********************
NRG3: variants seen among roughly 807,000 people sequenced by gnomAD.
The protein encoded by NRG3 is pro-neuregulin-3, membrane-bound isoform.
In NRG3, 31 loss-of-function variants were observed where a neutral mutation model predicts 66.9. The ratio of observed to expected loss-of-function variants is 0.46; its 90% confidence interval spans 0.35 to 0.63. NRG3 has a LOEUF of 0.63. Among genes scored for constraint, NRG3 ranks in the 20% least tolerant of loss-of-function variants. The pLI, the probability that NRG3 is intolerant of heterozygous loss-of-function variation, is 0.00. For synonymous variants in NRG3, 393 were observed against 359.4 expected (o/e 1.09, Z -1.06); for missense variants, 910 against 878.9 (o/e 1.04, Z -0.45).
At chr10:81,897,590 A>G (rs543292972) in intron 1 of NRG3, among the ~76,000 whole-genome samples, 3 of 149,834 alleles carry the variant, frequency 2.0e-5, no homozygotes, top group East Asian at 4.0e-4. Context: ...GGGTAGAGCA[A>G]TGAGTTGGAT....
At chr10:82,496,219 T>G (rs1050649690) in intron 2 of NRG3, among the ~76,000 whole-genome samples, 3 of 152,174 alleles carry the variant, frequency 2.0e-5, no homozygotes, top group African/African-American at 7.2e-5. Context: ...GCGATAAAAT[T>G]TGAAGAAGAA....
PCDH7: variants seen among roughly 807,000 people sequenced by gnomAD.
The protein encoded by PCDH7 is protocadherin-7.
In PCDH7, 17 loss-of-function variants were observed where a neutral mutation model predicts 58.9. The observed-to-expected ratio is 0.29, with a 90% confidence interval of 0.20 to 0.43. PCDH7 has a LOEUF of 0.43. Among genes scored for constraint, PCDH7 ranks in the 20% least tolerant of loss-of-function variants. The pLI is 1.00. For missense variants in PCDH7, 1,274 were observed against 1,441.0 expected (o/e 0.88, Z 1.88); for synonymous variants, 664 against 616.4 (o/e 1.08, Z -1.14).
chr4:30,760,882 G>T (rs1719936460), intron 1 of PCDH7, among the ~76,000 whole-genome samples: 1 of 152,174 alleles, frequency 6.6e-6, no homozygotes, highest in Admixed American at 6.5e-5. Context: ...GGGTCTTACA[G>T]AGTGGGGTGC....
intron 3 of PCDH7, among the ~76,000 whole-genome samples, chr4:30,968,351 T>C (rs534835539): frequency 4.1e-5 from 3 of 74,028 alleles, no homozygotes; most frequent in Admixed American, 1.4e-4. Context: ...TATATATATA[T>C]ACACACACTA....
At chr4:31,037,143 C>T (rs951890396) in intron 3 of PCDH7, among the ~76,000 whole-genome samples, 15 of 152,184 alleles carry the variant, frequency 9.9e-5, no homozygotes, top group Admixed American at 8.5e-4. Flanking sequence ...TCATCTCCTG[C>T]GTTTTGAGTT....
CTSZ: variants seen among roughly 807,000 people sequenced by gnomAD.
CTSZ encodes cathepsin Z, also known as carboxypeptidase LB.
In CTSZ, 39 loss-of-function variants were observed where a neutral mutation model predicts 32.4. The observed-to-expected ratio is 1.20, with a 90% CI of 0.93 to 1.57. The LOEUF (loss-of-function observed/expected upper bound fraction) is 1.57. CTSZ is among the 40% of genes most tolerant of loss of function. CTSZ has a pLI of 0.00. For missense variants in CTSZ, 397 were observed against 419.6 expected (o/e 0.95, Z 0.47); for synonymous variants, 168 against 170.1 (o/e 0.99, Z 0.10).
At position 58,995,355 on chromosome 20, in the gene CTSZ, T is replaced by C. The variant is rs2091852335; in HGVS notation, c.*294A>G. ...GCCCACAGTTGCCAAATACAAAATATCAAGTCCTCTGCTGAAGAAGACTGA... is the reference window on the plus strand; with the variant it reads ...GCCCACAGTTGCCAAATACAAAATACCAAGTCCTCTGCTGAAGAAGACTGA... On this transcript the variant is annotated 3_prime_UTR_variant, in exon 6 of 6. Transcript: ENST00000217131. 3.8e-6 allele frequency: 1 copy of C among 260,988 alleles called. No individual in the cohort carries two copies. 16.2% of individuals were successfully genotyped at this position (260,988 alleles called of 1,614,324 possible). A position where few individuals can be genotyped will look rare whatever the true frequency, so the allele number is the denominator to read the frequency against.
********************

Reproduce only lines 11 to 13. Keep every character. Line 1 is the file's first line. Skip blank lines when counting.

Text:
At chr4:31,037,143 C>T (rs951890396) in intron 3 of PCDH7, among the ~76,000 whole-genome samples, 15 of 152,184 alleles carry the variant, frequency 9.9e-5, no homozygotes, top group Admixed American at 8.5e-4. Flanking sequence ...TCATCTCCTG[C>T]GTTTTGAGTT....
CTSZ: variants seen among roughly 807,000 people sequenced by gnomAD.
CTSZ encodes cathepsin Z, also known as carboxypeptidase LB.